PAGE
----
by Bill McBride on 1/06/2012 12:29:00 PM
Friday, January 06, 2012
Here are the earlier employment posts:
• December Employment Report: 200,000 Jobs, 8.5% Unemployment Rate
• Employment Summary, Part Time Workers, and Unemployed over 26 Weeks
• Employment graph gallery (fast, no scripting)
And a few more graphs ...
According to the BLS, retailers hired seasonal workers at the pre-recession pace in 2011.
Click on graph for larger image.
This graph shows the historical net retail jobs added for October, November and December by year. Typically retail companies start hiring for the holiday season in October, and really increase hiring in November.
Retailers hired 718.5 thousand workers (NSA) net this year. This is about the same level as in 2006 and 2007. Note: this is NSA (Not Seasonally Adjusted).
This suggests a fairly strong holiday season.
This graph shows the duration of unemployment as a percent of the civilian labor force. The graph shows the number of unemployed in four categories: less than 5 week, 6 to 14 weeks, 15 to 26 weeks, and 27 weeks or more.
All categories are moving down (the less than 5 week category is back to normal levels). The other categories are still high.
The the long term unemployed declined to 3.6% of the labor force - this is still very high, but the lowest since September 2009.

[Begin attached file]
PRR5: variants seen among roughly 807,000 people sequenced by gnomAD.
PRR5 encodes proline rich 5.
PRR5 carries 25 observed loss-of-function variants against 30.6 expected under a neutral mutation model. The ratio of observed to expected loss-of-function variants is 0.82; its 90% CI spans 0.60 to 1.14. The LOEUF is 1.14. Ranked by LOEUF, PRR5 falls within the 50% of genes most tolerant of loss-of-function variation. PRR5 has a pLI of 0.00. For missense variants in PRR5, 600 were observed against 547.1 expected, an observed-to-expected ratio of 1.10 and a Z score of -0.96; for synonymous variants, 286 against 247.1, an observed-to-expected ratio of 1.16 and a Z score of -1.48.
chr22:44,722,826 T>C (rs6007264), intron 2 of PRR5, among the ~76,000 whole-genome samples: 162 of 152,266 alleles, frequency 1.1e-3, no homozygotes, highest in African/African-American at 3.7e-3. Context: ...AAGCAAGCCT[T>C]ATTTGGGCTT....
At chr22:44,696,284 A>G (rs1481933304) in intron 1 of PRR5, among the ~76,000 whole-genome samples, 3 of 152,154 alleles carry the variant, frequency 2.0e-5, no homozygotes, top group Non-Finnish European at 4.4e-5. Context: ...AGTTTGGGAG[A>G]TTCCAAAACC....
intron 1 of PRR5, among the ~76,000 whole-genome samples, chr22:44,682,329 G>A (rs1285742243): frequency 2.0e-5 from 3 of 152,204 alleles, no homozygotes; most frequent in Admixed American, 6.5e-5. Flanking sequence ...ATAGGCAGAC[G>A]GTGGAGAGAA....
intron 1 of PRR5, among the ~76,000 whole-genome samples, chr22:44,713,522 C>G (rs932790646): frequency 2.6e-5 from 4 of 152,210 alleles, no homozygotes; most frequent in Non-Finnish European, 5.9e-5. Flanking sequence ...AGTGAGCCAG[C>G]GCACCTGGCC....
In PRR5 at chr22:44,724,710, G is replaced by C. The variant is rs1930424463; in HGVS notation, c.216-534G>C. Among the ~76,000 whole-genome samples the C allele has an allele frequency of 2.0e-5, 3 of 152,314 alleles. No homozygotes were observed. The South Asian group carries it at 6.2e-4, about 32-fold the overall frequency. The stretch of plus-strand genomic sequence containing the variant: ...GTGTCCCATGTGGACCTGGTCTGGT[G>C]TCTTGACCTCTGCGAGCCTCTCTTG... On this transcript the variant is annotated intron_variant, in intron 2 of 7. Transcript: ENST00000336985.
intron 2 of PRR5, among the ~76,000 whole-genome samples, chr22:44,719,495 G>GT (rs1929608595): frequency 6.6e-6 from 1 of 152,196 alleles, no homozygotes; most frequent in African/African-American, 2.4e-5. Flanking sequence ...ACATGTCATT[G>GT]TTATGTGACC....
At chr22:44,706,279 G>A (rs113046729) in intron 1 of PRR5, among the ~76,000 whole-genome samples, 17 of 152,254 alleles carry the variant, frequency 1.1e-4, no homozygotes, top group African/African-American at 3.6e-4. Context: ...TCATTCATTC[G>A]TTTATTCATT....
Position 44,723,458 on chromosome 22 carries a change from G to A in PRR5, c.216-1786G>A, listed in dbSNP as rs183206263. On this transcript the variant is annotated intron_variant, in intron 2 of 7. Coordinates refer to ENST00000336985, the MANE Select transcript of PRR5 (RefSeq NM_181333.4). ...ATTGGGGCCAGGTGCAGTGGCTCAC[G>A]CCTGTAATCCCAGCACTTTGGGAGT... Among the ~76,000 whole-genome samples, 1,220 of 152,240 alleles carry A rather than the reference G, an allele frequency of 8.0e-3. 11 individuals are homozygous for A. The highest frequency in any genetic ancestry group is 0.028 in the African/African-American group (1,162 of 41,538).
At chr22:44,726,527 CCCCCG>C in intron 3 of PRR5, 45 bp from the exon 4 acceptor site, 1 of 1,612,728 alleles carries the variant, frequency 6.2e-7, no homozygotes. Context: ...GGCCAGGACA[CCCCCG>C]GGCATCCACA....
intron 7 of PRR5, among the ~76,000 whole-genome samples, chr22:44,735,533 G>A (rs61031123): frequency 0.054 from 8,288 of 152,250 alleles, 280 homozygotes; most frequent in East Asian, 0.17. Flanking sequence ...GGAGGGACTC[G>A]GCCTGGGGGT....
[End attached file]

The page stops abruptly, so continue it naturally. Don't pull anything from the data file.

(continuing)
This graph shows the unemployment rate by four levels of education (all groups are 25 years and older).
Unfortunately this data only goes back to 1992 and only includes one previous recession (the stock / tech bust in 2001). Clearly education matters with regards to the unemployment rate - and it appears all four groups are generally trending down.
Note: This says nothing about the quality of jobs - as an example, a college graduate working at minimum wage would be considered "employed".
This is a little more technical. The BLS diffusion index for total private employment was at 61.2 in December, up from 50.7 in November. For manufacturing, the diffusion index increased to 56.8, up from 40.7 in November.
Think of this as a measure of how widespread job gains are across industries. The further from 50 (above or below), the more widespread the job losses or gains reported by the BLS. From the BLS:
Figures are the percent of industries with employment increasing plus one-half of the industries with unchanged employment, where 50 percent indicates an equal balance between industries with increasing and decreasing employment.It appears job growth was spread across more industries in December (good news).
We'd like to see the diffusion indexes consistently above 60 - and even in the 70s like in the '1990s.